Multimedia Bible Studies: Evaluation Criteria
The LCMS today faces the challenge of educating people in a post-modern and fast-changing society, where God is often not a part of the equation. The dilemma that appears is whether to stick with traditional forms of education, or develop education that changes along with society. In today’s visual society, many churches are using more video and audio solutions (McAuliffe, 2002). On the other hand, Lutherans are very well known for their tendency to stick with tradition and be slow to change. However, to some people the answer to this dilemma is easy. “The question for faith communities shouldn’t be whether to use the new technology, but how” (Andriacco, 2000, p. 107). If the LCMS chooses to use the technology that is ever-present in our society today, then the next issue becomes how to accomplish it in an effective manner. The LCMS maintains that faith grows most when time is spent in God’s Word. Therefore, it would seem like some form of a multimedia Bible study would be appropriate. Effective evaluation criteria for multimedia Bible studies in the LCMS’s ministry of Christian education in today’s society can be found by examining the media used in the history of the Church, the disadvantages and advantages of multimedia Bible studies, and the essential components of multimedia Bible studies.
Limitations and Definitions
This paper is focusing on several limitations when examining the question of evaluation criteria for multimedia Bible studies. The first is that is will focus on the doctrine of the LCMS. “The Lutheran Church Missouri Synod (LCMS) is a mission-oriented, Bible-based, confessional Christian denomination headquartered in St. Louis, Mo., founded on the teachings of Martin Luther” (The Lutheran Church Missouri Synod, n. d.). Within the LCMS, it will look at their ministry, or acts of service (Mueller, 2005). The specific act of service it will study is their ministry of Christian education. Christian education is rooted in the Gospel and emphasizes proclamation of the Word to people because of human sinfulness and the need for salvation, which is brought about by God’s Word and grace, not teaching strategies (Boys, 1989). Its most basic goal is teaching people about God and salvation through Jesus, all while trusting in the work of the Holy Spirit instead of the work of humans. Miller stated:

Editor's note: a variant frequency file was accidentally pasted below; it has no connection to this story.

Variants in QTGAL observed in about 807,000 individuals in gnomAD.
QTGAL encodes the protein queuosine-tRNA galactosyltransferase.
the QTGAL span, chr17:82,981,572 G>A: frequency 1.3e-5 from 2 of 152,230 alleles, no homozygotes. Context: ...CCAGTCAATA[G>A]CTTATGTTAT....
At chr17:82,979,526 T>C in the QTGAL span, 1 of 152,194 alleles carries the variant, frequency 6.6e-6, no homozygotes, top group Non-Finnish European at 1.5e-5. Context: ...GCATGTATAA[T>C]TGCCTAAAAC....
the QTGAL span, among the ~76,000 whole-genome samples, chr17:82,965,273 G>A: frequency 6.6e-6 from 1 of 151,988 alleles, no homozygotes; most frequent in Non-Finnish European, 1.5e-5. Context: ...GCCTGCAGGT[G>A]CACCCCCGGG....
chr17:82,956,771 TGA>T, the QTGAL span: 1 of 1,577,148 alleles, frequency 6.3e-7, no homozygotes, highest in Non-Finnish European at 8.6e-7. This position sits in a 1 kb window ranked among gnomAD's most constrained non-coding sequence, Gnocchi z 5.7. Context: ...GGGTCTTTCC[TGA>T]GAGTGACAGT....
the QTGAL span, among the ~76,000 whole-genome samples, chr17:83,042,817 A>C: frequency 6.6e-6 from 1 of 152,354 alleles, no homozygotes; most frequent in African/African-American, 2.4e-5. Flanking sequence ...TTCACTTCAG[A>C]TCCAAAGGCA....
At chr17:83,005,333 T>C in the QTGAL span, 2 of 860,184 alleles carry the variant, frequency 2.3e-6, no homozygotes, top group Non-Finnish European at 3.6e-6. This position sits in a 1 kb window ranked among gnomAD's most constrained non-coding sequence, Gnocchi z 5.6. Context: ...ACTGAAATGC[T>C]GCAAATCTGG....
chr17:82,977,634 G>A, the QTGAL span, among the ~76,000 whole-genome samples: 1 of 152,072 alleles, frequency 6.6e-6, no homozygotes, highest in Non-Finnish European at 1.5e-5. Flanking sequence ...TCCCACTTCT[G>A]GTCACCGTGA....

The clue to Christian education is the rediscovery of a relevant theology that will bridge the gap between content and method, providing the background and perspective of Christian truth by which the best methods and content will be used as tool to bring the learners into the right relationship with the living God who is reveal to us in Jesus Christ, using the guidance of parents and the fellowship of life in the church as the environment in which Christian nurture will talk place (as cited in Boys, 1989).
Christian education is largely a responsibility of parents, but also involves the whole...